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# Aromatic ring current

If you are looking for the meteorological effect, it is at ring current.

An aromatic ring current is an effect observed in aromatic molecules such as benzene and naphthalene. If a magnetic field is directed perpendicular to the plane of the aromatic system, a ring current is induced in the delocalized π electrons of the aromatic ring. This is a direct consequence of Ampère's law; since the electrons involved are free to circulate, rather than being localized in bonds as they would be in most non-aromatic molecules, they respond much more strongly to the magnetic field.

Aromatic ring currents are relevant to NMR spectroscopy, as they dramatically influence the chemical shifts of 13C and 1H nuclei in aromatic molecules[1]. The effect helps distinguish these nuclear environments and is therefore of great use in molecular structure determination. In benzene, the ring protons experience deshielding because the induced magnetic field has the same direction as the external field and their chemical shift is 7.3 ppm compared to 5.6 to the vinylic proton in cyclohexene. In contrast any proton inside the aromatic ring experiences shielding because both fields are in opposite direction. This effect can be observed in cyclooctadecanonaene ([18]annulene) with 6 inner protons at −3 ppm.

The situation is reversed in antiaromatic compounds. In the dianion of [18]annulene the inner protons are strongly deshielded at 20.8 ppm and 29.5 ppm with the outer electrons significantly shielded (with respect to the reference) at −1.1 ppm. Hence a diamagnetic ring current or diatropic ring current is associated with aromaticity whereas a paratropic ring current signals antiaromaticity.

A similar effect is observed in three-dimensional fullerenes; in this case it is called a sphere current.

## Relative aromaticity

 Selected NICS values[2] / ppm Pyrrole −15.1 Thiophene −13.6 Furan −12.3 Naphtalene −9.9 Benzene −9.7 Tropylium −7.6 Cyclopentadiene −3.2 Cyclohexane −2.2 Pentalene 18.1 Heptalene 22.7 Cyclobutadiene 27.6

Numerous attempts have been made to quantify aromaticity with respect to the observed ring current[3]. One method is called diamagnetic susceptibility exaltation Λ defined as the difference between the measured magnetic susceptibility of a compound and a calculated value based on group additivity tables. Benzene is clearly aromatic (Λ = −13.4), borazine (Λ = −1.7) and cyclohexane (Λ = 1.1) are not aromatic and cyclobutadiene (Λ = +18) is antiaromatic.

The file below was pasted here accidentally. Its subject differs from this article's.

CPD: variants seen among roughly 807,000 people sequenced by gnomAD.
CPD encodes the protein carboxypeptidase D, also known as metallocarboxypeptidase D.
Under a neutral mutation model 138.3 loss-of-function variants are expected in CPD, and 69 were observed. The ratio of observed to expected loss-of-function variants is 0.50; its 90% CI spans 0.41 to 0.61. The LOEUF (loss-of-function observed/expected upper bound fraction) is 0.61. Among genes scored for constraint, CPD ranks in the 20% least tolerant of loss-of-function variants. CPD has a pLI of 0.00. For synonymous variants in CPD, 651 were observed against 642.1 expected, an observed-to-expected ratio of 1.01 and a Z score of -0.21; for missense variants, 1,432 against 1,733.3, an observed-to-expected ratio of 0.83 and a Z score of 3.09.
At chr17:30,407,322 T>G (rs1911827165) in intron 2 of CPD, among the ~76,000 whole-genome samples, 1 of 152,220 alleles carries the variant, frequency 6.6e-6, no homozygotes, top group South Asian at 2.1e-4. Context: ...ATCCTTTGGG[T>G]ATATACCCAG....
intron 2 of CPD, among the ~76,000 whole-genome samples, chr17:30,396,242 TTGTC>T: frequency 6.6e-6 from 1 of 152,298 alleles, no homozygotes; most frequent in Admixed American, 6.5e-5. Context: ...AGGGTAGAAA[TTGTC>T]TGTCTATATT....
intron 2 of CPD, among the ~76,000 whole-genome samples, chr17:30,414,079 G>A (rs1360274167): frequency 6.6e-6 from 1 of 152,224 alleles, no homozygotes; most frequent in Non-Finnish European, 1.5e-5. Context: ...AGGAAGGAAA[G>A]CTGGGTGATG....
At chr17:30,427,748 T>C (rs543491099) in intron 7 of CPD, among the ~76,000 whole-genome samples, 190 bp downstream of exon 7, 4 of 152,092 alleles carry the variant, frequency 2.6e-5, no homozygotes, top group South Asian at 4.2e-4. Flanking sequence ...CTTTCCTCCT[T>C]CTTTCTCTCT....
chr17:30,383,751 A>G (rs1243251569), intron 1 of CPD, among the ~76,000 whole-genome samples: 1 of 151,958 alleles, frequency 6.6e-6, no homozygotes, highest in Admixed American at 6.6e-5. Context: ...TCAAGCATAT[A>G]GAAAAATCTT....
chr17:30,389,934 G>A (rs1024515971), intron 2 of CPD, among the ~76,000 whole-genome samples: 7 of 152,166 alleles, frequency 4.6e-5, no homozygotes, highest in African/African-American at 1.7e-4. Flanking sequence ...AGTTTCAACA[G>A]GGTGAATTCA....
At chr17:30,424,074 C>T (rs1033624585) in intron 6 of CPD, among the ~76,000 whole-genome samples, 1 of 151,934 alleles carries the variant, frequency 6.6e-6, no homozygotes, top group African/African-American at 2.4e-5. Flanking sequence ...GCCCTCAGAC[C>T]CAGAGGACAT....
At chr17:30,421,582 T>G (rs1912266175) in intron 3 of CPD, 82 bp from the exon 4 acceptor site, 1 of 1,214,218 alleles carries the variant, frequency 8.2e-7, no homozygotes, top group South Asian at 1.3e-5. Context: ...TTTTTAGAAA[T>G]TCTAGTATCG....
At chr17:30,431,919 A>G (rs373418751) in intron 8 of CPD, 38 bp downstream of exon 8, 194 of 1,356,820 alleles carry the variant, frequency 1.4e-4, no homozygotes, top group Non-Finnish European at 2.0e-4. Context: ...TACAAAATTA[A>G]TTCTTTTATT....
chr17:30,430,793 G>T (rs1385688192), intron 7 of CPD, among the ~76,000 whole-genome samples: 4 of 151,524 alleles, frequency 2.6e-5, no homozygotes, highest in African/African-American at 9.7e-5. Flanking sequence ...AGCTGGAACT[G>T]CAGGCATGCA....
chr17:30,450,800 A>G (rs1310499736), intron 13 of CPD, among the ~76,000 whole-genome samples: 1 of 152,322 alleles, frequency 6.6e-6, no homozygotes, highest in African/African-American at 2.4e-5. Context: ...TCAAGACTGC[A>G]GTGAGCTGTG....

Another measurable quantity is the chemical shift of lithium ions Li+ in complexes of lithium with aromats because lithium tends to coordinate to the face of the aromatic rings. Thus the lithium atom in cyclopentadienyl lithium (CpLi) has a chemical shift of −8.6 ppm (aromatic) and its Cp2Li- complex a shift of −13.1.

Both methods suffer from the disadvantage that values depend on ring size. The nucleus-independent chemical shift (NICS) is a computational method that calculates the chemical shift of a hypothetical lithium ion positioned directly inside the ring[2]. In this method negative NICS values indicate aromaticity and positive values antiaromaticity.

Yet another method called the Harmonic Oscillator Model of Aromaticity (HOMA) [4] is defined as a normalized sum of squared deviations of bond lengths from the optimal value, which is assumed to be realized for a fully aromatic system [5]. An aromat has HOMA value = 1 whereas a non-aromatic compound has value 0. For all-carbon systems, a HOMA value is obtained making use of this equation:

$HOMA = 1- 257.7\sum^n(d_{opt} - d_i)^2 \,$

with the value of 257.7 the normalization value, dopt the optimized bond length (1.388 Angstrom) and di the experimental or computed bond length.

## References

1. ^ Aromaticity and Ring Currents Gomes, J. A. N. F.; Mallion, R. B. Chem. Rev.; (Review); 2001; 101(5); 1349-1384. doi:10.1021/cr990323h
2. ^ a b Nucleus-Independent Chemical Shifts: A Simple and Efficient Aromaticity Probe Paul von Ragué Schleyer, Christoph Maerker, Alk Dransfeld, Haijun Jiao, and Nicolaas J. R. van Eikema Hommes J. Am. Chem. Soc.; 1996; 118(26) pp 6317-6318; (Communication) doi:10.1021/ja960582d
3. ^ What is aromaticity? Paul von Rage Schleyer and Haijun Jiao Pure & Appl. Chem., Vol. 68, No. 2, pp. 209-218, 1996Link
4. ^ Definition of aromaticity basing on the harmonic oscillator model Tetrahedron Letters, Volume 13, Issue 36, 1972, Pages 3839-3842 J. Kruszewski and T. M. Krygowski doi:10.1016/S0040-4039(01)94175-9
5. ^ How far is the π-electron delocalization of the phenanthrene moiety modified in the aza-analogues and their N-oxides? Beata T. Stępień, Tadeusz M. Krygowski,a Michał K. Cyrański, Jacek Młochowski, Pierluigi Orioli, and Francesco Abbate Arkivoc 2003 Link